If it can be done (I doubt it), I think the stealth mode is much better than talking about a car that won’t be introduced for years, because when the long talked about car is finally introduced, it seems old already.

  4. nice dream……GM is continuing to starve SAAB of needed product. 9-3 AWD next fall is first, then 9-4X then new 9-5 on Epsilon2. Followed by 9-3 on Episilon2. Maybe when man lands on Mars they will see the light and pull the trigger on a 9-1 or any smaller car

  5. Seems to me that if GM wanted to do something like this on the cheap (does that go without saying?) that they could base it on the existing 9-3, like the A3 is to the A4 or the C30 will be to the S40.

    To me, that would be a less satisfying answer but better than nothing.

  6. Is it really so difficult? All GM has to do is take an Astra GTC, style it like a Saab, put in a biopower engine and good seats.
    They should keep the torque steer and make sure the traction control can be turned off, so it’s as much fun to drive as my 9-3.
    The price needs to come in below the 9-3, GTI or Integra/RSX of course.

    The obvious way to hide this project is to have the development mules look like Opels.
    When is the next generation Astra due?

  7. I suspect the plans for a small hatchback caddy are involved in the lack of a small Saab despite GMs view that there is no overlap.I saw an article in Autocar magazine recently about a small Saab to rival the Merc A class,but have seen nor heard anything since.

  8. While talking about a small hatch… Just saw that Volvo C30 won gold in “Das Goldene Lenkrad” award in the “Kompaktwagen” class. Yes, that a quit prestigious award, and it’s in Germany. The C30 also won the German Auto Bild Design Award for most beauitul car in the “small and compact-size cars” class.

    Oh, what a market there is in Europe for a fun little car…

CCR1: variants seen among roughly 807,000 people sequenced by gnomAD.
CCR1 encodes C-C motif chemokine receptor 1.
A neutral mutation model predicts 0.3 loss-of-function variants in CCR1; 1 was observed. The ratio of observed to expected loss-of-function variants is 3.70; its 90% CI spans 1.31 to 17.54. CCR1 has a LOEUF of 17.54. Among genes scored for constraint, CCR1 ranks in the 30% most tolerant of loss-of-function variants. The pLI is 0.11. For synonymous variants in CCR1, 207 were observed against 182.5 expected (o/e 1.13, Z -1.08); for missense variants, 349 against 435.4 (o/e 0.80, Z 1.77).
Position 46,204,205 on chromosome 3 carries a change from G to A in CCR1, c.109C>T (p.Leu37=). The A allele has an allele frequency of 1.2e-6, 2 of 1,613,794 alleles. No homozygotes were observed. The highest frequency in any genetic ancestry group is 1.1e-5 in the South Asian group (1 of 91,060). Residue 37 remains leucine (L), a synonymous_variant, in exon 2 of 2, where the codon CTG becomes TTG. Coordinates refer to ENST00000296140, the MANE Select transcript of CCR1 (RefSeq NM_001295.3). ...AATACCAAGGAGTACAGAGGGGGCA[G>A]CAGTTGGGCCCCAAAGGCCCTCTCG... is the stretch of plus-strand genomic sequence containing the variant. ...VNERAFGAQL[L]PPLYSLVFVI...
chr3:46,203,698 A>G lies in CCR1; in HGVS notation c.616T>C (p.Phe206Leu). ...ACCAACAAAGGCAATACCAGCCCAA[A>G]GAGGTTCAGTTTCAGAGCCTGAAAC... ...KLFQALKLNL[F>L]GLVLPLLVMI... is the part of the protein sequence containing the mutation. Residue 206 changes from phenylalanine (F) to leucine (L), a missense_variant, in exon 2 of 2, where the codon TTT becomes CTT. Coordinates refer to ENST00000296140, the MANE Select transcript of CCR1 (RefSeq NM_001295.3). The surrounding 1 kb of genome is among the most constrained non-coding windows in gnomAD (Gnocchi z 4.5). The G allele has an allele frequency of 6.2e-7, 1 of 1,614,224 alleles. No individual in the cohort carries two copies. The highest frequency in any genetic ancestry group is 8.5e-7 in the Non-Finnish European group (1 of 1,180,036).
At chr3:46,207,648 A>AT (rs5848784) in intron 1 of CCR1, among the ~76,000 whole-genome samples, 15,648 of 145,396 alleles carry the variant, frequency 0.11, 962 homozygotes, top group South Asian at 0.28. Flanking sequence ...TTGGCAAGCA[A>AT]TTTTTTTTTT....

9. You mention that the “premium hot hatch” market is just now emerging with the AUDI A3 being the only real entrant (and maybe the Mini). Then you postulate that perhaps SAAB’s secretly making a 9-1. Here’s my question for you: when was the last time SAAB had the foresight to develop a vehicle for an “emerging market”? Look how long it took them to get into the SUV market. Like a decade! They finally recognized the need to have an offering in the SUV market after it peaked and started a downturn.

    I’m not saying SAAB won’t have a “premium hot hatch”. I’m saying it’ll come after that market is already saturated with contenders, probably after 2010, making them an “also ran”.

    And as you mention in another post, a convertable 9-1 would make a pretty decent roadster. Sign me up for one!

    Or come out with a two-seater 9-1/2 (that’s pronounced “nine one-half”) as a Sonett with a ‘vert version. Give it a plug-in hybrid BioPower SVC/SCC powerplant, or even better (IMHO) fully-EV. I’d buy that! 😉

  10. Bernard, those are harsh but fascinating words. And probably not too far from the truth of what could happen. Any chance you work for GM?

  11. “I’ve said it before, and I’ll say it again – the manufacturer that introduces a total-surprise production car or truck at an auto show and then announces that it will begin taking orders for delivery in three months’ time will set this industry on its ear.”

    That approach certainly works for Apple Computer. The other parallel between Saab and Apple is that the 9-1 is like the iPhone; the whole world wants one, so why waste time not building one!?!?!?! Surely an existing platform can be shoe-horned to suit (if GM wish to persist in this platform sharing malarky with Saab, at least do it to their benefit). I really like the Volvo C30 – it’s a car I’d really consider buying – but I’d really really like Saab’s version instead. I’d even forgo AWD for a biopower hybrid version.

    C’mon Saab, get to it!!!